Canadian journalist Donna Laframboise. Former National Post & Toronto Star columnist, past vice president of the Canadian Civil Liberties Association. New posts: Mondays & Wednesdays.
61 physicians have died in Italy. They’re also dying in France, Indonesia, and the Philippines. [tally updated 23 August 2020]
A 5-minute interview with Colleen Smith, an emergency room doctor at Elmhurst Hospital in Queens, New York. This video DOES NOT address the issue of doctors dying. It provides insight into the current situation, and shows the exterior of a refrigerated truck being used for the dead. President Trump was reportedly referring to this hospital in his remarks last night about body bags in trucks: “I’ve never seen anything like it.”
Italy’s national association for doctors says 176
61 of its members have now died from the coronavirus. An online list includes general practitioners, pediatricians, lung specialists, heart specialists, dentists, professors, as well as retirees who stepped forward to assist their still-practicing colleagues (list in translation here, original Italian-language list here).
In France, as of a week ago, the physician death toll had reached five.
In Indonesia, also as of a week ago, six doctors had died.
A recent news article reports that nine doctors have died in the Philippines “as hospitals were overwhelmed and medics complained about a lack of protection on the front lines.” Last week, three hospitals in Manila announced they were too full to accept new coronavirus patients.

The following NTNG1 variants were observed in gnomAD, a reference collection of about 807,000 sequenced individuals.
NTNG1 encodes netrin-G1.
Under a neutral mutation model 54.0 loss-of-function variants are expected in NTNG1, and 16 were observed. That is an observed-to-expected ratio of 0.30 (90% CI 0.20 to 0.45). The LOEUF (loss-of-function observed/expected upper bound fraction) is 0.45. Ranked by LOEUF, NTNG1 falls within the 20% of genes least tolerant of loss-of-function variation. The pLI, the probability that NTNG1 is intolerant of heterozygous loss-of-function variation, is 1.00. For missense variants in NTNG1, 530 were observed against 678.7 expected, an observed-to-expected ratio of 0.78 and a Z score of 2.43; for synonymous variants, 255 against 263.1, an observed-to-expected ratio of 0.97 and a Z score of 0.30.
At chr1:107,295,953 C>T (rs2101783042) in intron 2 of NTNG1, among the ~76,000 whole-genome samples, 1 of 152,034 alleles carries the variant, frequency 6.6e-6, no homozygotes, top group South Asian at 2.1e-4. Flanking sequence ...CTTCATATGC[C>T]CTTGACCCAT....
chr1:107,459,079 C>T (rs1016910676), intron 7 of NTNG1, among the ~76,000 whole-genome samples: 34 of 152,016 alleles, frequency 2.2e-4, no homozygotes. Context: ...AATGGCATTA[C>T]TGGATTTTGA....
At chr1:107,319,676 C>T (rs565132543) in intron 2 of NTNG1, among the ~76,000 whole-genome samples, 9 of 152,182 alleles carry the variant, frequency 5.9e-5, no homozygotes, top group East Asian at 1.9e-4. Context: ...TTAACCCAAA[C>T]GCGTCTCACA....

Meanwhile, a doctor who works in the emergency department of a Washington, DC, hospital has written an article titled What Happens If Health-Care Workers Stop Showing Up? It includes these words of warning:
I worked in Liberia at the height of the Ebola epidemic, in the fall of 2014. After only a few months, many nurses, doctors, and community health-care workers grew sick and died; most of the rest quit; and the entire health-care system collapsed. Every hospital and clinic in the country closed.
…The COVID-19 pandemic is certainly not Ebola…but it raises an important practical and ethical question…How many of us will die before we start to walk away from our jobs?
…Six months into the 15-month Ebola epidemic, health-care providers stopped coming to work…There was nowhere for people to obtain treatment for stomach pain, childbirth, heart attacks, car crashes, or any other routine or unpredictable health event. As a result, experts estimate that more people died from illnesses like malaria and diarrhea than Ebola. [hyperlink in the original]